One of the local Greek Orthodox priests went to the mayor to complain about us. But some days previously, unbeknownst to us, a young Witness had found a lost horse and had returned it to its owners. As a result of such honesty, the mayor respected the Witnesses, and he refused to listen to the priest.
One day in about October 1941, while I was witnessing in the marketplace, someone spoke about a Witness of Jehovah who lived in a nearby town. He was a former policeman named Christos Triantafillou. I went to see him and learned that he had been a Witness since 1932. How happy I was when he provided me with many older Watch Tower publications! These really helped me make spiritual progress.
In 1943, I symbolized my dedication to God by water baptism. By then I was conducting Bible studies in three of the neighboring villages—Dhravískos, Palaeokomi, and Mavrolofos. I used the book The Harp of God as our Bible study aid. Eventually, I was privileged to see four congregations of Jehovah’s Witnesses formed in this area.
Preaching Despite Obstacles
In 1944, Greece was freed from German occupation, and sometime later, communication was established with the branch office of the Watch Tower Society in Athens. The branch office invited me to share in preaching in a territory where hardly anyone had heard the Kingdom message. After moving there, I worked on a farm for three months and spent the rest of the year in the ministry.
That year I was blessed to see my mother get baptized, as well as the widow and her children, except her youngest daughter, Marianthi, who was baptized in 1943 and became my beloved wife in November of that year. Thirty years later, in 1974, my father also became a baptized Witness.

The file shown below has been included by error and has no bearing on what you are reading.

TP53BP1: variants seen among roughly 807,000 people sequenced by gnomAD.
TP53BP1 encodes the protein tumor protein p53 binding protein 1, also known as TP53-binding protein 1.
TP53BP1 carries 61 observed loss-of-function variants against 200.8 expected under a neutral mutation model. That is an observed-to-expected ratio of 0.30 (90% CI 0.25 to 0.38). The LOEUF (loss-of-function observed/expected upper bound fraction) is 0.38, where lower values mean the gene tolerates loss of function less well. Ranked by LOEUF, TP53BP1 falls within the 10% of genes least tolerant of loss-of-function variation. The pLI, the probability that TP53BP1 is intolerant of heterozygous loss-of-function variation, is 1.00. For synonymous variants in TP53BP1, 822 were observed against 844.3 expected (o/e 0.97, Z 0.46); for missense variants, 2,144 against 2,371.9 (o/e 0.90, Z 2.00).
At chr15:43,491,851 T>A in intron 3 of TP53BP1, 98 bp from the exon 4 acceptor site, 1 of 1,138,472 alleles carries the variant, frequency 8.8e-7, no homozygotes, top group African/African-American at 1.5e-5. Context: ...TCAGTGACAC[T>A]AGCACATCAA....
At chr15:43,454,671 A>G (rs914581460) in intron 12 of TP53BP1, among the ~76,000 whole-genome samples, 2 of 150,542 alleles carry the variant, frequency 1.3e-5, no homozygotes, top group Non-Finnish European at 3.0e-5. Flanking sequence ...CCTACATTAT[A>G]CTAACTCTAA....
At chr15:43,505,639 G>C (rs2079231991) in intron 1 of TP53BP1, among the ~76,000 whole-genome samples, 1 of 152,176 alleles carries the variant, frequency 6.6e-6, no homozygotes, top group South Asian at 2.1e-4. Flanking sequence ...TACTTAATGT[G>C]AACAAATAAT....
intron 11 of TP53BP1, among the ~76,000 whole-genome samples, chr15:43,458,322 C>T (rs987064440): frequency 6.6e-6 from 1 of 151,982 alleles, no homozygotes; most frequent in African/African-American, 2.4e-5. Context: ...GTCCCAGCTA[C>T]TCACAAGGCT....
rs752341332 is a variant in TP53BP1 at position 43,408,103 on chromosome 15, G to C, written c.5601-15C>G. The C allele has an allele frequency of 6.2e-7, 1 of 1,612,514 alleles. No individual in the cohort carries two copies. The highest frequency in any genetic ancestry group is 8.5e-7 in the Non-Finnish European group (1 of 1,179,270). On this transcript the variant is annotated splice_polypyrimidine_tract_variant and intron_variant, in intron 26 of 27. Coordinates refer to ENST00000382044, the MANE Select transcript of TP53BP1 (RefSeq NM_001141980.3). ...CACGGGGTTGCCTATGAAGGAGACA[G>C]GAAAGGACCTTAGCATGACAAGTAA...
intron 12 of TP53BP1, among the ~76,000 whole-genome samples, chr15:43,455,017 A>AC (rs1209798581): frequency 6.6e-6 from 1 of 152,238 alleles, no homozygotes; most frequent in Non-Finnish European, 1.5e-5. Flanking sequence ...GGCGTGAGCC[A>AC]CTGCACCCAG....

Early in 1945 we received the first mimeographed copy of The Watchtower from the branch office. Its feature article was entitled “Go, Disciple All the Nations.” (Matthew 28:19, The Emphatic Diaglott) Marianthi and I immediately left our home to work faraway territories east of the Strymon River. We were later joined by other Witnesses.
We often walked barefoot to reach a village, covering miles through ravines and over mountains. We did this to save our shoes because when they wore out, we had no others to replace them. During the years from 1946 to 1949, civil war was ravaging Greece, and it was very dangerous to travel. It was not unusual to see corpses lying by the open road.
Rather than being discouraged by the difficulties, we continued serving zealously. Many times I felt as did the psalmist who wrote: “Even though I walk in the valley of deep shadow, I fear nothing bad, for you are with me; your rod and your staff are the things that comfort me.” (Psalm 23:4) During this period we were often away from home for weeks, and I sometimes spent 250 hours a month in the ministry.
Our Ministry in Aidhonochori